President Obama is slamming Mitt Romney for
heading companies that were "pioneers in outsourcing U.S. jobs," while
Romney is accusing Obama of being "the real outsourcer-in-chief."
These are the dog days of summer and the silly season of presidential campaigns. But can we get real, please?
The American economy has moved way beyond outsourcing abroad or even
"in-sourcing." Most big companies headquartered in America don't send
jobs overseas and don't bring jobs here from abroad.
That's because most are no longer really "American" companies.
They've become global networks that design, make, buy, and sell things
wherever around the world it's most profitable for them to do so.
As an Apple executive told the New York Times,
"we don't have an obligation to solve America's problems. Our only
obligation is making the best product possible." He might have added
"and showing profits big enough to continually increase our share
Forget the debate over outsourcing. The real question is how to make
Americans so competitive that all global companies -- whether or not
headquartered in the United States -- will create good jobs in America.
Apple employs 43,000 people in the United States but contracts with
over 700,000 workers overseas. It assembles iPhones in China both
because wages are low there and because Apple's Chinese contractors can
quickly mobilize workers from company dorms at almost any hour of the
day or night.
But low wages aren't the major force driving Apple or any other
American-based corporate network abroad. The components Apple's Chinese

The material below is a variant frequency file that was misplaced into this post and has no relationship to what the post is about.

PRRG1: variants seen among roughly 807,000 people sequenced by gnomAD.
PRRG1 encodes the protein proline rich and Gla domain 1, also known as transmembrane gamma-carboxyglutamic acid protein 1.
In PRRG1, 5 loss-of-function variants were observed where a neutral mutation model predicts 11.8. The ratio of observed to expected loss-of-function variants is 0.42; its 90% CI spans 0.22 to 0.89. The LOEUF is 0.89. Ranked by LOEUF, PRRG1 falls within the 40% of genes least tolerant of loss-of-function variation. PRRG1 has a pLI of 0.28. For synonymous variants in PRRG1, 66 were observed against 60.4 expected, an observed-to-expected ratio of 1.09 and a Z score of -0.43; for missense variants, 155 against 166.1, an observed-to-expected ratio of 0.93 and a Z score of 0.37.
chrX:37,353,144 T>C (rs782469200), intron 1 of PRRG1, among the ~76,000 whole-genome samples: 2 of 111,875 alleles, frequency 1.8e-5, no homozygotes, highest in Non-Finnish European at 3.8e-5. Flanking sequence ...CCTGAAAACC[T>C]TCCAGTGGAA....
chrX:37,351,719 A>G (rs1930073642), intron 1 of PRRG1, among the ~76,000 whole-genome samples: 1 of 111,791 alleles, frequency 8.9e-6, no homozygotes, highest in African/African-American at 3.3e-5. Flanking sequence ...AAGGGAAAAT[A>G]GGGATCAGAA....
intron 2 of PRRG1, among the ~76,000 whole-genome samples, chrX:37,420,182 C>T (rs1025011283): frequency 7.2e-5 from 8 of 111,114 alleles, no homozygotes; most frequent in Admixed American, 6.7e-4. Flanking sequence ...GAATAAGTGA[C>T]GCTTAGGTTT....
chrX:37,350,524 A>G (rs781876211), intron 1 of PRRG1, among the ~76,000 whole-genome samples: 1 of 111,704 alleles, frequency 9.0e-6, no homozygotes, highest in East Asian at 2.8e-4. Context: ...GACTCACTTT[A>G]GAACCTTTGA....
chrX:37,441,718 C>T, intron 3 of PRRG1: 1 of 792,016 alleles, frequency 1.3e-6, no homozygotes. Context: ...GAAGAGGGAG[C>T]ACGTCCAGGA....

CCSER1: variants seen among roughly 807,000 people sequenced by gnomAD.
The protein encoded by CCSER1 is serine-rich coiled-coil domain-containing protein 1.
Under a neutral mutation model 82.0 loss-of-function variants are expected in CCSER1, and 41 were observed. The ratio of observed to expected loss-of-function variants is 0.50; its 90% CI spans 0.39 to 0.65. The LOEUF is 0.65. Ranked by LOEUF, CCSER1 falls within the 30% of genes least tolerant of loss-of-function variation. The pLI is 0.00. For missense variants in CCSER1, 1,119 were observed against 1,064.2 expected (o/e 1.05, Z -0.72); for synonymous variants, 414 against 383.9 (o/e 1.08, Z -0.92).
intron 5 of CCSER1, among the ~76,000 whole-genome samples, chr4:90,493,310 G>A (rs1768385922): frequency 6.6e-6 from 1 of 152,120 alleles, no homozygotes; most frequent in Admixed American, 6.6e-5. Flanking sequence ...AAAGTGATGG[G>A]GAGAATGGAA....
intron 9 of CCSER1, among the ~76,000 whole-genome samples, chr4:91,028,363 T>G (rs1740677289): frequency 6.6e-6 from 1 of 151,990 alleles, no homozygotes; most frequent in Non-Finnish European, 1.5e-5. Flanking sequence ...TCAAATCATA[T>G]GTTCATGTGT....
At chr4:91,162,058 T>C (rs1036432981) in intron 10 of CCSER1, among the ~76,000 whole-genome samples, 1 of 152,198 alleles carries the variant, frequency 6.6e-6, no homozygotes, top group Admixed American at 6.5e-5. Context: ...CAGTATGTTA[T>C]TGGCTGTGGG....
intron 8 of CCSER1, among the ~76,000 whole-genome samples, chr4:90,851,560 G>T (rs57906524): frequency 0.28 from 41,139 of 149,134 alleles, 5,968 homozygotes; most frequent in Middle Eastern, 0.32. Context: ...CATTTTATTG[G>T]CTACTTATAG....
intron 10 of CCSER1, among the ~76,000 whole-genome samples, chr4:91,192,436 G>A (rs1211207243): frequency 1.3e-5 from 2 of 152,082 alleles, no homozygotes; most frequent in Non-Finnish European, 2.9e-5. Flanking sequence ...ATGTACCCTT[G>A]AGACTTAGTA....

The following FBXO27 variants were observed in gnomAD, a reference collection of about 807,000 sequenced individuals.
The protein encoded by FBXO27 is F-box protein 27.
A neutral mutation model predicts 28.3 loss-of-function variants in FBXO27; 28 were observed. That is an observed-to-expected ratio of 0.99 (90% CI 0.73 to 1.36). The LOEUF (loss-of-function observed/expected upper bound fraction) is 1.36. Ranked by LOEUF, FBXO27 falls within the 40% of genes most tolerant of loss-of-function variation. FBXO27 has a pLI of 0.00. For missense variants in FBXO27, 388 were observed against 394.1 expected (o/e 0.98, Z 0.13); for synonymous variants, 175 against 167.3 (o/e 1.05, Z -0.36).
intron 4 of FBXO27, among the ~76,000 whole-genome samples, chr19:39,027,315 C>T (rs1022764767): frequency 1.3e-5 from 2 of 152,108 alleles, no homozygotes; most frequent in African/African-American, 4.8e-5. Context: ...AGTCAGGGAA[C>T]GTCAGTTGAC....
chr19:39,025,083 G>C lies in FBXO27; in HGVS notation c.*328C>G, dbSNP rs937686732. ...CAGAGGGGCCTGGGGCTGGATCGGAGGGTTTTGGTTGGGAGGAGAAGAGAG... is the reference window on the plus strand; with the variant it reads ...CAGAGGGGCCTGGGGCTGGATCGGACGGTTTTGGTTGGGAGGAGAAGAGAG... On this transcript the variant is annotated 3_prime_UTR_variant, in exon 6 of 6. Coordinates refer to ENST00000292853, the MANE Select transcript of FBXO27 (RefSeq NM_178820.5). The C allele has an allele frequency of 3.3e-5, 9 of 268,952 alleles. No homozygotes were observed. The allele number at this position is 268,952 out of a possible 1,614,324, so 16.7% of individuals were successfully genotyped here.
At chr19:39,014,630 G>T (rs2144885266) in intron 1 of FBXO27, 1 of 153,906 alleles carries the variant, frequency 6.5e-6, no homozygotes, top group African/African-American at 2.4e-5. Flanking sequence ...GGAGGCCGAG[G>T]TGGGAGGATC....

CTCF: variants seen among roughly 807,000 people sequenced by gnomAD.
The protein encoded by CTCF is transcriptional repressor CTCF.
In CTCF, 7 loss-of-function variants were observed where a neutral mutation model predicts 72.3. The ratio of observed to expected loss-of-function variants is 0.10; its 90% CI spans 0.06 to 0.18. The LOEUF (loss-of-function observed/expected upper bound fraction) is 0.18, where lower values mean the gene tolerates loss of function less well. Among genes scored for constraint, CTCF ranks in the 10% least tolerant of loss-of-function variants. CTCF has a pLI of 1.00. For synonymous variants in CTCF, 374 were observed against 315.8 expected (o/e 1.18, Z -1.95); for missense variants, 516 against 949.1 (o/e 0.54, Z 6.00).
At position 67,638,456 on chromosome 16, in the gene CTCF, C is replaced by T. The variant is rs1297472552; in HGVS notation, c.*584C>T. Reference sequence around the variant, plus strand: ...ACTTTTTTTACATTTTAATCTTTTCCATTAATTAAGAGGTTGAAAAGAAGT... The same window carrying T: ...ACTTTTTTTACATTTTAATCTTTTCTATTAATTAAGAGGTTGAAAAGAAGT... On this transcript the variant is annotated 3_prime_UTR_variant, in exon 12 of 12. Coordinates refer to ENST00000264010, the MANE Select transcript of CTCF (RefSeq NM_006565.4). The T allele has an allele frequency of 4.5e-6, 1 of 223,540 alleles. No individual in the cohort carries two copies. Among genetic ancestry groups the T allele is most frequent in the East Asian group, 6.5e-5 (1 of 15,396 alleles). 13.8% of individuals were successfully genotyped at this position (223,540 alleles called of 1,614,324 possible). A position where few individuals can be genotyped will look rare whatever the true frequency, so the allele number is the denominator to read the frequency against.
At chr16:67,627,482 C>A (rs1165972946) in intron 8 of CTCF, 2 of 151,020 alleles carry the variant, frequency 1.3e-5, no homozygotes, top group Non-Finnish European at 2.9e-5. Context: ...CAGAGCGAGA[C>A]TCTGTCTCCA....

contractors assemble come from many places around the world with wages
as high if not higher than in the United States.
More than a third of what you pay for an iPhone
ends up in Japan, because that's where some of its most advanced
components are made. Seventeen percent goes to Germany, whose precision
manufacturers pay wages higher than those paid to American manufacturing
workers, on average, because German workers are more highly skilled.
Thirteen percent comes from South Korea, whose median wage isn't far
from our own.
Workers in the United States get only about 6 percent of what you pay
for an iPhone. It goes to American designers, lawyers, and financiers,
as well as Apple's top executives.
American-based companies are also doing more of their research and
development abroad. The share of R&D spending going to the foreign
subsidiaries of American-based companies rose from 9 percent in 1989 to
almost 16 percent in 2009, according to the National Science Foundation.
What's going on? Put simply, America isn't educating enough of our
people well enough to get American-based companies to do more of their
high-value added work here.
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Our K-12 school system isn't nearly up to what it should be. American
students continue to do poorly in math and science relative to students
in other advanced countries. Japan, Germany, South Korea, Canada,
Australia, Ireland, Sweden, and France all top us.
American universities continue to rank high but many are being
starved of government funds and are having trouble keeping up. More and
more young Americans and their families can't afford a college
education. China, by contrast, is investing like mad in world-class
universities and research centers.
Transportation and communication systems abroad are also becoming
better and more reliable. In case you hadn't noticed, American roads are
congested, our bridges are in disrepair, and our ports are becoming